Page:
1000 42.88 40.84 43.23 43.23 40.69 43.46 44.36 42.51 45.00
1500 43.96 42.32 44.42 43.99 40.69 43.46 44.84 43.82 45.52
Foreman 128 29.04 35.45 35.41 —– —– —– 29.80 37.53 37.39
256 32.30 37.87 38.38 —– —– —– 33.32 39.79 40.43
384 33.79 38.70 39.86 —– —– —– 35.07 40.90 42.10
500 35.04 39.52 40.97 34.84 37.63 39.42 36.18 41.71 43.08
768 36.37 40.49 42.20 —– —– —– 37.81 43.12 44.51
1000 37.54 41.26 43.26 37.76 39.63 41.76 38.96 44.01 45.37
1500 38.99 42.72 44.71 39.40 40.50 42.62 40.51 45.42 46.66
Mobile & Calendar 128 20.38 25.99 24.75 —– —– —– 20.76 27.87 26.38
256 23.15 28.28 27.19 —– —– —– 23.99 30.31 29.06
384 24.63 29.21 28.45 —– —– —– 25.71 31.84 30.67
500 25.05 29.52 28.83 27.38 30.92 30.97 26.97 33.54 32.44
768 27.55 31.28 30.92 —– —– —– 28.57 35.19 34.35
1000 28.56 32.28 32.07 31.26 34.38 34.55 29.82 36.82 36.01
1500 30.00 33.70 33.36 33.49 35.77 35.99 31.49 38.47 37.76
Table 4: PSNR Comparison Among Three Test Algorithms at Different Bitrates
Bitrate Asymmetric 3-D Tree Proposed Algorithm
(Kbps) Y U V Y U V
128 31.01 36.47 38.88 31.96 37.68 40.21
256 34.64 37.57 39.72 36.46 39.28 41.46
384 36.71 38.42 40.57 38.10 39.89 42.14
500 37.32 38.72 40.82 38.96 40.32 42.48
768 38.54 39.77 41.57 40.14 41.16 43.03
1000 39.22 40.69 42.08 40.74 41.71 43.43
1500 39.68 41.43 42.52 41.70 42.66 44.16
Table 5: PSNR Comparison Between Asymmetric 3-D Orientation Tree Algorithm and Our Algorithm at Different Bitrates for “Hall Monitor” sequence
Bitrate Asymmetric 3-D Tree Proposed Algorithm
(Kbps) Y U V Y U V
128 35.20 40.52 41.18 36.25 42.90 43.40
256 38.57 42.40 43.54 39.55 44.85 45.73
384 40.27 43.56 44.71 41.19 45.97 46.67
500 41.36 44.45 45.48 42.36 46.64 47.42
768 42.48 45.50 46.20 43.83 47.56 48.42
1000 43.59 46.26 47.00 44.70 48.10 48.98
1500 44.56 47.14 47.91 45.62 48.64 49.52
Table 6: PSNR Comparison Between Asymmetric 3-D Orientation Tree Algorithm and Our Algorithm at Different Bitrates for “Mother & Daughter” sequence
Bitrate Asymmetric 3-D Tree Proposed Algorithm
(Kbps) Y U V Y U V
128 24.96 37.63 36.24 25.58 40.40 41.66
256 26.35 38.40 37.51 27.61 41.63 43.32
384 27.94 40.06 41.06 28.89 42.45 44.14
500 28.67 40.29 41.16 29.80 42.99 44.54
768 29.88 40.89 42.09 31.29 43.64 45.18
1000 31.32 41.38 43.14 32.52 44.22 45.73
1500 33.10 42.10 43.66 34.30 45.02 46.48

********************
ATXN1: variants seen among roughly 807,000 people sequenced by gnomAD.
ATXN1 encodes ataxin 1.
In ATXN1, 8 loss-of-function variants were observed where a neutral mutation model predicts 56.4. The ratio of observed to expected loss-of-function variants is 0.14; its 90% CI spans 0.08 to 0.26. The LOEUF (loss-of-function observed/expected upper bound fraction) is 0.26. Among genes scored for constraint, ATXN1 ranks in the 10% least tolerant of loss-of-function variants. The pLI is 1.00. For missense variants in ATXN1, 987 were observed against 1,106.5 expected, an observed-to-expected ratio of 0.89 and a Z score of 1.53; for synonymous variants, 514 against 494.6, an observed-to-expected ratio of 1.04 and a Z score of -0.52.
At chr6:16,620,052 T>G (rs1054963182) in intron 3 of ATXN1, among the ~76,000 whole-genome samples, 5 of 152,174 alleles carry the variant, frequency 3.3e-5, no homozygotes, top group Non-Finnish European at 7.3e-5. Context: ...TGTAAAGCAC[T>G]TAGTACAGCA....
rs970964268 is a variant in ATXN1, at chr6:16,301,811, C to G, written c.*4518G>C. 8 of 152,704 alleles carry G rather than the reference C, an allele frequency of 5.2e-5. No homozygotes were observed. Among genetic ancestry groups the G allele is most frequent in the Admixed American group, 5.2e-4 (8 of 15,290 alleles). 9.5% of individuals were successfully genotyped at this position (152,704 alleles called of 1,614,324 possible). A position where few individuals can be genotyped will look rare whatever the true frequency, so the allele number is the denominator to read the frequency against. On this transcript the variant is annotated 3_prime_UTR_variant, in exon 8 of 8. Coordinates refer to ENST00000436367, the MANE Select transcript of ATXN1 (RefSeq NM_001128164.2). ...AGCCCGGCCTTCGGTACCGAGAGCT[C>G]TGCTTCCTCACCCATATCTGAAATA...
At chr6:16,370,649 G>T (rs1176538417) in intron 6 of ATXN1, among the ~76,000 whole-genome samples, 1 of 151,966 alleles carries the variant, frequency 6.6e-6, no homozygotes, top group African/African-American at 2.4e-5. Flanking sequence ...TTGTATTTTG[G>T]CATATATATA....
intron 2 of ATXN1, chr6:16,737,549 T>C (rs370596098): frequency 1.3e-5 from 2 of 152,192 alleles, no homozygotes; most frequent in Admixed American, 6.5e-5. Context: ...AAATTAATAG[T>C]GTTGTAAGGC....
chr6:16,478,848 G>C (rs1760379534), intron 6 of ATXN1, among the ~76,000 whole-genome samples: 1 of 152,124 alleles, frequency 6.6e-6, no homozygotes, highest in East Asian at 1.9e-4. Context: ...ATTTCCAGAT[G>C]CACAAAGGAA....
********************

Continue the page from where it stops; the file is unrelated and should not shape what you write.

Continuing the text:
Table 7: PSNR Comparison Between Asymmetric 3-D Orientation Tree Algorithm and Our Algorithm at Different Bitrates for “Coastguard” sequence
Bitrate Asymmetric 3-D Tree Proposed Algorithm
(Kbps) Y U V Y U V
128 21.04 31.49 29.87 21.43 34.56 35.67
256 24.42 34.40 34.95 25.14 36.49 37.79
384 25.84 34.99 35.71 27.01 37.36 38.87
500 27.28 35.94 37.13 28.09 37.82 39.45
768 29.13 36.62 38.03 30.37 39.16 40.92
1000 30.10 37.30 38.76 31.48 39.69 41.44
1500 32.41 38.30 39.99 34.03 41.37 43.01
Table 8: PSNR Comparison Between Asymmetric 3-D Orientation Tree Algorithm and Our Algorithm at Different Bitrates for “Bus” sequence

In addition, the ratio of zerotrees is increased after the wavelet coefficients are weighted, as illustrated in Table 3. Thus, the number of isolated zeroes is effectively reduced, which always involve many comparisons and input/output operations in conventional zerotree coding algorithms. Further, since the proposed temporal-domain block tree operates on units of size pixels, the nunber of entries in LIP and LIS is less than that of 37_He and 39_Zhang . On one hand, the energy-based weight and temporal-domain block tree are capable of improving the efficiency of synchronization information. On the other hand, they help to lower the computational complexity of video coding algorithm. Of course, with the increase of target bitrate, the temporal-domain block trees need to be recursively split, the computational complexity will gradually close to that of 37_He ; 39_Zhang .

7 Conclusions

In this study, by analyzing the contribution of each biorthogonal wavelet basis in terms of its reconstructed energy, we proposed to weight each subband by the energy of its corresponding basis before encoding. According to the distribution of weighted coefficients, we put forward a concept of 3-D significance probability balancing tree structure and implement it using hybrid spatial orientation tree and temporal-domain block tree. Consequently, a novel 3-D wavelet video coding algorithm is presented based on energy-weighted significance probability balancing tree. We verify its effectiveness through extensive experiments. We believe that our study will be certainly useful in future researches and developments of wavelet-based scalable video coding.

Acknowledgements.
This work is supported by the National Natural Science Foundation of China (NSFC) under Grant nos. 61402214, 41671439, and 61702246, and the Open Foundation of State Key Laboratory for Novel Software Technology of Nanjing University under Grant no. KFKT2018B07, and the Dalian Foundation for Youth Science and Technology Star (2015R069).